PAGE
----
Attitudes about technology in the workplace are shifting. It used to be people would show up for a job and ask what devices they should use, what was supported. Now, employees show up with their own devices and expect multiple platforms and operating systems will all be supported.
Mobile is increasingly influencing mainstream IT.
Employees are bringing their own devices to work: smartphones, tablets, laptops. And, they are probably performing work functions on them, in the office or out, with or without your knowledge.
This might pose a security nightmare, trying to support and protect a wide variety of devices, or a security advantage; there is no one attack vector by which your organization will be taken down. However you view it, it’s not an issue that’s going away, and IT business strategy should include a plan for dealing with it.
With the huge variety of devices and applications, controlling all of them would be very time consuming and not necessarily cost effective. Educating employees about how to use and not use their devices, empowering them to make informed decisions, is one way to help control security issues and make BYOD a success. Make sure users understand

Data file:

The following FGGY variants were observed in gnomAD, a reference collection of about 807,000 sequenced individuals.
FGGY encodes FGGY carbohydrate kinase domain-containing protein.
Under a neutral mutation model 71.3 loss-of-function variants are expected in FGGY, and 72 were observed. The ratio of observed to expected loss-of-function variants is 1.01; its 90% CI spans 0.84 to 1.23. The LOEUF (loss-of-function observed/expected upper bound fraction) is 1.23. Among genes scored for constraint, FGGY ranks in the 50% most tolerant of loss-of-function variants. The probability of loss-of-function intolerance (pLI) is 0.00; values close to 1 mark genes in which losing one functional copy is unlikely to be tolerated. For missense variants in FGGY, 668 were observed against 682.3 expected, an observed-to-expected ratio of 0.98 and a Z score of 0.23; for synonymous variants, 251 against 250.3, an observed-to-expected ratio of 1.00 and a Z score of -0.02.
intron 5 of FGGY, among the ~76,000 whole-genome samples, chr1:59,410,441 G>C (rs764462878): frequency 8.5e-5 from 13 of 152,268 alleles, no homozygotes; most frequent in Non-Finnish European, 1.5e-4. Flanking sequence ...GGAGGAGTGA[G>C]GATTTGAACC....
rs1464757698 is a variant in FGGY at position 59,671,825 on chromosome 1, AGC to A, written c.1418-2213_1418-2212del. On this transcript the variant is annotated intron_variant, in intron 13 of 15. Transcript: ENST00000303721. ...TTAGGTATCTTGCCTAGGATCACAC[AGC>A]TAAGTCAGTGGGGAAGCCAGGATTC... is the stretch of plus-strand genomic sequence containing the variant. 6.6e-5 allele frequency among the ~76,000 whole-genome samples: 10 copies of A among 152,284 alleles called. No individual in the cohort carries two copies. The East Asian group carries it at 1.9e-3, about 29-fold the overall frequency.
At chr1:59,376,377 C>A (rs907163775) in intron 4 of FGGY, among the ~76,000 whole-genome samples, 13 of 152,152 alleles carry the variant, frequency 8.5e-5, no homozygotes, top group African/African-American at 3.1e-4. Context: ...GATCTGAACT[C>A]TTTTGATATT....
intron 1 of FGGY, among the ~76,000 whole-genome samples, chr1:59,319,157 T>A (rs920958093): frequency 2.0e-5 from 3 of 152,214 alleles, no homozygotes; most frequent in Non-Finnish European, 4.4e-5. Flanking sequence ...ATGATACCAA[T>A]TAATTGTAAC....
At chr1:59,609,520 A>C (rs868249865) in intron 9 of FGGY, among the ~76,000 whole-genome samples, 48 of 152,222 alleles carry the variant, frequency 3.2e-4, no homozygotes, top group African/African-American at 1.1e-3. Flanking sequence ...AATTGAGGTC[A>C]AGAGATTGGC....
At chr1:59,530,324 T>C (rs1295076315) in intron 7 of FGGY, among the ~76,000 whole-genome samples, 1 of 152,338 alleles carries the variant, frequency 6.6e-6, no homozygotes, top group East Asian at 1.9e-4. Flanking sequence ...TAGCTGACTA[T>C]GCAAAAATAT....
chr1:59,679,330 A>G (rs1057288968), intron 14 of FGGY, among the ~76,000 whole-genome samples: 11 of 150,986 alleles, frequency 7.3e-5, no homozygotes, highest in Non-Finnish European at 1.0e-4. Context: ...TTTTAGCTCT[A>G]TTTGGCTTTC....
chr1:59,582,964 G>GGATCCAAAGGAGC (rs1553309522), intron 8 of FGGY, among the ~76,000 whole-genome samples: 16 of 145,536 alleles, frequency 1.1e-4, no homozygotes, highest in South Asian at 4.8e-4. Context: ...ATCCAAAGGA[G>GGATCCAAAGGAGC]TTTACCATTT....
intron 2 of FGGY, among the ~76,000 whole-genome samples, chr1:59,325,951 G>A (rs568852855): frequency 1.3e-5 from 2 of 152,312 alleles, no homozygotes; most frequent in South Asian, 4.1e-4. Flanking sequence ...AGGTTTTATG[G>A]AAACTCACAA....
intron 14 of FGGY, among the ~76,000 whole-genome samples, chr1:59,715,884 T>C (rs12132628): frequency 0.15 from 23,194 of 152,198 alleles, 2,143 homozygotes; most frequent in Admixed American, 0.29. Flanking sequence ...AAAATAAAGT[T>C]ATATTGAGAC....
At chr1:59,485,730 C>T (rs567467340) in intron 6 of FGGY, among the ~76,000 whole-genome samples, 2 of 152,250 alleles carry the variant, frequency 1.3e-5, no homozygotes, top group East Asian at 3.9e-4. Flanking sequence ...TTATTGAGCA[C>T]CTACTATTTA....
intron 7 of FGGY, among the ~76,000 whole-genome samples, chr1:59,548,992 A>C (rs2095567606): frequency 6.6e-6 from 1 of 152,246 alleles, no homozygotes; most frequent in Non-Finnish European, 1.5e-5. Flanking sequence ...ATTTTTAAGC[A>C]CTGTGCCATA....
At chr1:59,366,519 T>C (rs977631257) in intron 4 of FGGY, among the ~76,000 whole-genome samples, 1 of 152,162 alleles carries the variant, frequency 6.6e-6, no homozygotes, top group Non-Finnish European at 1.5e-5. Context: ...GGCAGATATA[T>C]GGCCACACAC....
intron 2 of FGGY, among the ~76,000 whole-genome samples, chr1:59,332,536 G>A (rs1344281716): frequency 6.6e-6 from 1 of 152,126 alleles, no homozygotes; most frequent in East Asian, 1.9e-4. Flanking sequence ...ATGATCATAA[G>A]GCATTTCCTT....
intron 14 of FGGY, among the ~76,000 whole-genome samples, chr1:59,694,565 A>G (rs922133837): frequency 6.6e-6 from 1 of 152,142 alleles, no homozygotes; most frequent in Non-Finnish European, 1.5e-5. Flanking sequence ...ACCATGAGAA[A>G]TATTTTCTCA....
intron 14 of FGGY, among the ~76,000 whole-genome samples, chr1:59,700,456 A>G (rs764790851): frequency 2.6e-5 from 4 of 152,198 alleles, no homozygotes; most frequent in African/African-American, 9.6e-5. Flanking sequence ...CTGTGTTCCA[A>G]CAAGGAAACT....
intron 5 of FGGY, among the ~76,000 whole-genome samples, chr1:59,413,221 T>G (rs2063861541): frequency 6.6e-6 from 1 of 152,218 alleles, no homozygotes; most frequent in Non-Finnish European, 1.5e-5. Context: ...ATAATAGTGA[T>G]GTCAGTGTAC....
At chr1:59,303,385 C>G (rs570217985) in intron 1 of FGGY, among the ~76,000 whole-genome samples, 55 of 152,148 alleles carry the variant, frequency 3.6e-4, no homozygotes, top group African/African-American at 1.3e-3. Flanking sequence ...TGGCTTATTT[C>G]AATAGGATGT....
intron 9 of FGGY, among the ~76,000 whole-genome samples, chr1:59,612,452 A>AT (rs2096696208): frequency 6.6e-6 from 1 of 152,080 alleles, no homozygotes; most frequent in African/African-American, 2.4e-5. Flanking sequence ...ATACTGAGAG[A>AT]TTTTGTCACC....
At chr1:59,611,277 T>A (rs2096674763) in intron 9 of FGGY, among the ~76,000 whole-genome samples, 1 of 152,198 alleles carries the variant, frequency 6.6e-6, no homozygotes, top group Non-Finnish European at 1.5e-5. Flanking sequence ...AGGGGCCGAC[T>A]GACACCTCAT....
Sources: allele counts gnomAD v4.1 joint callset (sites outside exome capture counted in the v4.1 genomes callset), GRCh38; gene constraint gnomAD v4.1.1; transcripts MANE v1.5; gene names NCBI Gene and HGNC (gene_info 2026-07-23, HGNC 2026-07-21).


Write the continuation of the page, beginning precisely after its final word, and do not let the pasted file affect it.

- How to onboard devices
- Security policies
- Data ownership policies
- User responsibilities
- How to get technical support
Educate employees about what constitutes private data and how to store and use it on personal devices. They may be storing client phone numbers on personal devices that could be lost or hacked without even realizing it’s a bad practice.
Making sure users know proper procedure won’t ensure that they’re always followed through on, but it will help reduce ignorance based breaches.
Security is the biggest concern and measure of success when it comes to BYOD. Your employees should be educated, but, that said, you’ll still want to put security measures in place. A few things to consider:
- Create a list of approved devices both for your records and employee reference
- Screen devices before they are allowed on the network
- Protect devices that store data with a PIN AND a strong password
- Encrypt data stored on devices
- Pre-approve authentication and hardware security configurations on devices storing company data
- Only allow connection to company network using an IPSec or SSL VPN connection
- Create procedures to remove company data from devices used by temporary staff or contractors
- In case of lost or stolen devices, have a process for timely reporting of the loss and a plan to lock or wipe data as needed
Information technology is a key business function and it should be used in a way that allows the business to grow. Building mobile into your IT business strategy will help you reduce costs, increase productivity, and avoid security issues and gain competitive advantage by having the most up to date and diverse technology. Mobile is changing the way we live; it should be affecting your IT business strategy too.